3. Taking on more responsibility
As a general rule, those who take on more responsibility also earn more. However, there are exceptions where the salary increase does not materialize despite promotion. Nevertheless, taking on important tasks usually pays off – at the latest when you can ask for more money when you move to a new employer.
Conversely, if you give up responsibility, you also give up salary. If you want to move up financially, you should broaden your skills, gain experience and then look for positions with better pay – whether internally or externally.
4. Working for large companies
The WSI study mentioned at the beginning shows that salaries in large companies are 9% higher than in medium-sized companies with 100 to 500 employees. On average, smaller companies pay significantly less again. In addition, large companies are more likely to be bound by a collective agreement.
The price for the higher salary is often less freedom to make decisions and poorer opportunities for promotion than in smaller companies. However, work experience at a large company makes you extremely interesting for many other employers. Those who eventually find themselves on the spot in a large corporation can usually easily find an alternative.
5. Be flexible in terms of location
Salaries for identical positions in Germany can vary greatly, as the Robert Half salary survey shows every year. Salaries are still generally lower in the eastern German states. In addition, salaries in rural regions are often lower than in large cities. And even between the German metropolises there are significant differences. A key factor here is the cost of living locally.
If you take this into account when choosing a job, you can negotiate at a correspondingly higher level. And this may even be possible without actually having to move – if the job is also available remotely. However, the following is becoming apparent, That companies are likely to differentiate more in the future as home office models become more prevalent. Recent survey data from Robert Half shows that 83% of companies plan to base future salary decisions on where employees work and the cost of living there.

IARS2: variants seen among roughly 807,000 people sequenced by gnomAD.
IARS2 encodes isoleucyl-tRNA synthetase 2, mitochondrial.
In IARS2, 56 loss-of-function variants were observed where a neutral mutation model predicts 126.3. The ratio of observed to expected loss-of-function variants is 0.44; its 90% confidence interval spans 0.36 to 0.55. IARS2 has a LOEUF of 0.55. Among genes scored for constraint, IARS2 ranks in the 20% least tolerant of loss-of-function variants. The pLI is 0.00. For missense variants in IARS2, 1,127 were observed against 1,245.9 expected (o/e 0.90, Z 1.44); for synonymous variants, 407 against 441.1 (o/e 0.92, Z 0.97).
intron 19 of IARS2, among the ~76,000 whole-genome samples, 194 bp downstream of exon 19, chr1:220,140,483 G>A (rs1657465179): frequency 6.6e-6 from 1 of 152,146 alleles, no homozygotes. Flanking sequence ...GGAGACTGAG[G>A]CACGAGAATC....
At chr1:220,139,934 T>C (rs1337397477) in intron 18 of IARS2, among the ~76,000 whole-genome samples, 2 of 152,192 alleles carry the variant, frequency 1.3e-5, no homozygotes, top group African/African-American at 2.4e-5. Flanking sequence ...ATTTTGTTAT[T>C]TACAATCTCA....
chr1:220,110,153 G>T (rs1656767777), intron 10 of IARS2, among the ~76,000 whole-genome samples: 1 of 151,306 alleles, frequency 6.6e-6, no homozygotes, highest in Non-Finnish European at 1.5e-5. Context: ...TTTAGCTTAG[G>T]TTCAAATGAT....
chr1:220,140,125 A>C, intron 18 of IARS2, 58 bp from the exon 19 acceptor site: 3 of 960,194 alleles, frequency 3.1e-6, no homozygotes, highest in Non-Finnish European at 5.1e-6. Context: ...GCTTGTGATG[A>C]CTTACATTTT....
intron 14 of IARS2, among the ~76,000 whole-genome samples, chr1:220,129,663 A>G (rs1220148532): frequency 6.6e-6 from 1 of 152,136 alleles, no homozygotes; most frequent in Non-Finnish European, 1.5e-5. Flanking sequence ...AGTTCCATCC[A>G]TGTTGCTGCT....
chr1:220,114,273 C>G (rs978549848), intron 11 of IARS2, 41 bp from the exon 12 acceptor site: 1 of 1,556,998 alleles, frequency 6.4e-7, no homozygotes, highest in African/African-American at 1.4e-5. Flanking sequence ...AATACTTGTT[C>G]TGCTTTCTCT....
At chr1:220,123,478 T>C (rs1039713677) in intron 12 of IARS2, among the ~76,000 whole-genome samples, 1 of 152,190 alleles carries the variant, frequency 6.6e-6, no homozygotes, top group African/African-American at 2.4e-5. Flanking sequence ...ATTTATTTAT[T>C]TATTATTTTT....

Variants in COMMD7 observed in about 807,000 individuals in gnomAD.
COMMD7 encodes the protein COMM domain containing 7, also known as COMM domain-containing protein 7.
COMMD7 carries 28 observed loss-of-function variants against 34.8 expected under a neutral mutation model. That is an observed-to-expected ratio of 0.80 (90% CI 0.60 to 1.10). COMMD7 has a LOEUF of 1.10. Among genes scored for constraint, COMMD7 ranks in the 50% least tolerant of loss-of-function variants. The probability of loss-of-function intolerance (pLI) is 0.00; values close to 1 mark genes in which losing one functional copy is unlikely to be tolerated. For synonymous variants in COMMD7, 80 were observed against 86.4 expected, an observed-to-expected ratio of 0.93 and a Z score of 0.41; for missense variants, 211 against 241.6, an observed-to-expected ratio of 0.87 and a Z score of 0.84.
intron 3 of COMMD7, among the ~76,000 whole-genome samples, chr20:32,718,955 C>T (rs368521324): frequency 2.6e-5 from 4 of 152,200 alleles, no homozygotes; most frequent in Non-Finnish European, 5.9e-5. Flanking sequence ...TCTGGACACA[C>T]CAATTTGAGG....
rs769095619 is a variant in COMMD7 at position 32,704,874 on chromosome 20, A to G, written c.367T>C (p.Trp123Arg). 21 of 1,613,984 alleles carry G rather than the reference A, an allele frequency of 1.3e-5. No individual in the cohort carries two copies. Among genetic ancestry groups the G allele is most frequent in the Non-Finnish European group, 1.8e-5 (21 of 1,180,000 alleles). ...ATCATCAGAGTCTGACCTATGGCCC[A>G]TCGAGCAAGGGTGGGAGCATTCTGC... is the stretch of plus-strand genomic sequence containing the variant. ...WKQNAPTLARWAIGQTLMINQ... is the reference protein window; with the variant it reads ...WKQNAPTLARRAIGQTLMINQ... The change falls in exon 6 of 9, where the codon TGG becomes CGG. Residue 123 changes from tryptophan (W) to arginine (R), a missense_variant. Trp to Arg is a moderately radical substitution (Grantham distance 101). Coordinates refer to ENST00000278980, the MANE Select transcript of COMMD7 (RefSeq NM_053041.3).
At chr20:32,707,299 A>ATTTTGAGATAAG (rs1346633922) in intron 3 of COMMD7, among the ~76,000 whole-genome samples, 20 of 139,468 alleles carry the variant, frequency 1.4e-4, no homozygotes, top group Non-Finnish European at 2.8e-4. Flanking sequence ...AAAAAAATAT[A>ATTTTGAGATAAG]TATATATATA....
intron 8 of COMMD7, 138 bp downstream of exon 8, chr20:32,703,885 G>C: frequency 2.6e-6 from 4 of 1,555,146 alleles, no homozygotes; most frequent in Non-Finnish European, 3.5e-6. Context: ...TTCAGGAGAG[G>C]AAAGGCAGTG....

6. Reconsider employment model
Qualified, motivated professionals gain a wide range of skills, experience and contacts over the course of their careers, which are extremely valuable to companies. Over time, this often results in good – and above all profitable – opportunities to become self-employed. As a freelancer or interim manager, you often earn significantly more with the appropriate experience and sought-after expert knowledge than in a salaried position. Another advantage: You have a very varied daily work routine.
Usually work on a project basis, which allows you to get to know many different companies. Especially freelancers are paid very well for their urgently needed know-how.
7. Demand more salary
Obvious, but apparently not all employees are aware of this – or have successfully repressed it: If you want more money, you have to actively demand it from your employer. And you do it over and over again. Because on your own, a raise is rarely offered to you. It’s mostly just a matter of having the courage to do it.
Make yourself aware that you are not a supplicant! You do good work and it has its price. Of course, you should know how much salary is appropriate. With exaggerated demands you shoot yourself out of the picture. With a little research and good preparation, however, it is not that difficult to appear confident in salary negotiations.